According to a survey of 9,000 consumers around the world, consumers are increasingly attracting the attention of online marketplace formats for greater convenience, value and variety.
The survey titled “The State of Online Market Acceptance in 2022” was independently conducted by Mirakl, a SaaS platform for the technical online marketplace, on Thursday, but was conducted independently by the company. Research Schlesinger Group.
Consumers from Australia, Brazil, France, Germany, Italy, Singapore, Spain, UK and US – 1,000 in each country – were contacted in October 2021 and asked about their buying habits and preferences their shopping.
Among the main findings:
- Two-thirds of consumers prefer e-commerce sites with online marketplaces; 70% said online marketplaces are the most convenient way to shop.
- On average, consumers made 42% of their online shopping through marketplaces in 2021.
- “Powerful shoppers,” defined as high-value customers who shop online at least once per week, tend to use online marketplaces more.
- On average, US respondents said 43% of their online shopping took place in marketplaces; 40 percent said their activity has increased in the past 12 months; 54% said their operations remained stable, despite the reopening of brick-and-mortar stores.
Adrien Nussenbaum, Co-Founder and Co-CEO of Mirakl, said: “The first global study of consumer preferences for the market provides key insights for retailers as they go. develop its e-commerce strategies for the post-pandemic economy”. “The survey results clearly indicate that consumers want more of their favorite retailers to market online with third-party sellers.”
According to the survey, in 2019, 47% of US consumers said they shop exclusively or often on markets; this number has grown to 52 percent in 2020 and will hold steady at 51 percent in 2021. Ninety-two percent of U.S. consumers expect to use marketplaces at the same rate or more.
Online marketplaces allow retailers to showcase more variety and reach more consumers for digital growth. Conventional e-commerce sites typically only offer products from one brand or retailer.
Markets come in many different shapes and sizes, but there are basically three types: c-to-c, such as eBay, which operates an auction market between consumers; b-to-c, such as Amazon, is seen as a business-to-consumer marketplace, and b-to-b, such as a fashion trade show held online where retailers buy Shop fashion brands.
There are vertical retailers, such as Express and Madewell, that have marketplaces that showcase their own branded goods as well as goods from third-party vendors. There are also pure markets, such as Farfetch, which do not own any inventory.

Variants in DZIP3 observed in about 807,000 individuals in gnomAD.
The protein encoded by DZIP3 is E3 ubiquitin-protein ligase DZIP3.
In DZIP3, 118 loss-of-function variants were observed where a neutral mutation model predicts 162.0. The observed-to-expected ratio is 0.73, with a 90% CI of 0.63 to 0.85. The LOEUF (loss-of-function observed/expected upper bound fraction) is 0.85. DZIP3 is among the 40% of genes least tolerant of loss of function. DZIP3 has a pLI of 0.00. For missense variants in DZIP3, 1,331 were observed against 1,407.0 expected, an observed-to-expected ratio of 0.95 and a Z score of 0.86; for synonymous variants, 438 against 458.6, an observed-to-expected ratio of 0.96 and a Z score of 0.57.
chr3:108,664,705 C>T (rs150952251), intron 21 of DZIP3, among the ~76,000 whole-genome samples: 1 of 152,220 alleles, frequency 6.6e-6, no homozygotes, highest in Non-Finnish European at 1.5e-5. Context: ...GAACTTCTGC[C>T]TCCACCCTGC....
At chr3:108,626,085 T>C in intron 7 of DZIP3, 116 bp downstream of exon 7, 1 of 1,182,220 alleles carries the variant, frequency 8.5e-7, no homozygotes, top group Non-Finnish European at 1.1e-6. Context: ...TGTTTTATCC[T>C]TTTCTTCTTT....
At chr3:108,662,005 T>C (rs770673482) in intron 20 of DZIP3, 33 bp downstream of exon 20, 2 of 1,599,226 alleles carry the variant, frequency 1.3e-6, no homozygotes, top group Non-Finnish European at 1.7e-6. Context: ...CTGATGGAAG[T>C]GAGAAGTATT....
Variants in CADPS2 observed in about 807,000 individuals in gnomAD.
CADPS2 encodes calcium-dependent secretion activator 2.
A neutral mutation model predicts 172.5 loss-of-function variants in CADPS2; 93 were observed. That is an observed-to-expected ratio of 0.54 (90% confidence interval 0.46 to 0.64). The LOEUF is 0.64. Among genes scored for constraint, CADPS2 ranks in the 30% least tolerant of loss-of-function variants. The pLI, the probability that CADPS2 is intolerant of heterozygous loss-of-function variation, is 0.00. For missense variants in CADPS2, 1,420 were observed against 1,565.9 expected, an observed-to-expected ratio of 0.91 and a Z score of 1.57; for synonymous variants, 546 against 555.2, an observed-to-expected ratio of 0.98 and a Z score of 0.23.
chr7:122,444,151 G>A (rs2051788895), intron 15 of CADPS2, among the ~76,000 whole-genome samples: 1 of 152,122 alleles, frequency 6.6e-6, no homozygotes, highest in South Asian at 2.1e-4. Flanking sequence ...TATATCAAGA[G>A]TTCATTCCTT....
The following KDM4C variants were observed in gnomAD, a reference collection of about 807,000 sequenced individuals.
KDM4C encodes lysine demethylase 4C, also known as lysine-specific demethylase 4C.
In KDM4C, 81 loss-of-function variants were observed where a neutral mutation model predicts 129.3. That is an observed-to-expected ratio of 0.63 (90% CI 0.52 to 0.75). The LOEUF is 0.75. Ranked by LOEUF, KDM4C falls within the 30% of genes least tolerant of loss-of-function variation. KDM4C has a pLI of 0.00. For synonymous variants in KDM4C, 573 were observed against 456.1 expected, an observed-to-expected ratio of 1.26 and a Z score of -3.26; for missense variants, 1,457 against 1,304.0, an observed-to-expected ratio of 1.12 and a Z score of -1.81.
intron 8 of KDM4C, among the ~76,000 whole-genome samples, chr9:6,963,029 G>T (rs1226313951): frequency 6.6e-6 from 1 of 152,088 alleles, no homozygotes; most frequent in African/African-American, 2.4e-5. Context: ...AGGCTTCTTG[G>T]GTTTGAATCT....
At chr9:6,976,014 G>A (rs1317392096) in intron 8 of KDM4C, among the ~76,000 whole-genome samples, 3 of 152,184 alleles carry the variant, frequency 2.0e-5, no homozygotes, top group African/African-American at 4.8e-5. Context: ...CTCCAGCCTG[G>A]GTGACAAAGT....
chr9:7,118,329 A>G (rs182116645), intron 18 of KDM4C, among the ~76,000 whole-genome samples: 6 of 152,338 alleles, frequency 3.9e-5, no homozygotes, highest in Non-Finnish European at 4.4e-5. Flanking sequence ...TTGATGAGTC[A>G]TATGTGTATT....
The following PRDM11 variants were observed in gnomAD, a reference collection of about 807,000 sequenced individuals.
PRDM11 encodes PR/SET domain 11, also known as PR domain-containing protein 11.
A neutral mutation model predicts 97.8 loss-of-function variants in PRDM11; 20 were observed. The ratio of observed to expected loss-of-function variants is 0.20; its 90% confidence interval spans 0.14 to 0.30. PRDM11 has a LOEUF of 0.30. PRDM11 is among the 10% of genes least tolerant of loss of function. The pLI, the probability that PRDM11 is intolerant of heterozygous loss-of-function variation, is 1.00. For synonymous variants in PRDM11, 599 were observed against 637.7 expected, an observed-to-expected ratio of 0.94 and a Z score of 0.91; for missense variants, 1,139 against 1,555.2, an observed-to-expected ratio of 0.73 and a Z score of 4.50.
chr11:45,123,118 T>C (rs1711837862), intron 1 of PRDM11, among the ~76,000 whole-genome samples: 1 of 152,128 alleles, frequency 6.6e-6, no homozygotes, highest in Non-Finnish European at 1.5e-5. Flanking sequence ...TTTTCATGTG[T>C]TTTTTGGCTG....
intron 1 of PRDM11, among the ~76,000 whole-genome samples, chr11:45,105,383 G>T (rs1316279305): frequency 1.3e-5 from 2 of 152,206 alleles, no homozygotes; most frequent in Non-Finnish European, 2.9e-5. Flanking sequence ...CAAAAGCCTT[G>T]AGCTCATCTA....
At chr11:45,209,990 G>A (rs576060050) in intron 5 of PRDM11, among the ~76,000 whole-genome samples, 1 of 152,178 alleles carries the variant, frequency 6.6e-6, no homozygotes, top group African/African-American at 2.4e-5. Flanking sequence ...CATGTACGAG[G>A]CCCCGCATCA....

Brands and retailers operate an online marketplace for merchandise through several business arrangements. Typically, brands in the marketplace pay an initial fee and have revenue sharing agreements with the host market. Wholesale can also be conducted, while marketplaces simultaneously list products and take orders without actually making a purchase or processing order fulfillment, and then charge third-party sellers a commission. based on sales.
While the market allows companies to rapidly grow their offerings and sales volume, there are risks. Marketplace sellers have less control over their brand experience. Their presentation may be near other brands of lesser quality, affecting perception. Brands also run the risk of cannibalizing their sales in one market to another.
In addition, if a consumer orders from a marketplace and is disappointed by a poor shipping experience (delayed arrival or wrong product delivery) the market can be blamed and its reputation suffer, even though even though it could be the fault of the shipping brand handling.
In addition, price inconsistencies between markets may arise. For suppliers listing on multiple markets, inventory management and pricing becomes complicated. And the profit per trade is less than what is generated through traditional wholesale.
However, in recent seasons, retailers have increasingly developed market formats, and Macy’s Inc. said it will launch online this year for Macy’s and Bloomingdale’s divisions.
Other findings from the survey include:
Despite supply chain issues, 88% of US consumers expect their packages to arrive in 3-5 days or less; 46 percent expect delivery within a day or two.
When purchasing products from third-party sellers, 59% of US respondents research the seller before making a purchase; 72 percent check reviews.
Fifty-six percent of US consumers are more likely to shop online with a company that offers products tied to reasons they care about; 38% are likely to pay more for products tied to a cause.
https://wwd.com/business-news/retail/consumers-shopping-more-online-1235031320/ Consumers Take to Online Marketplaces, Survey Says – WWD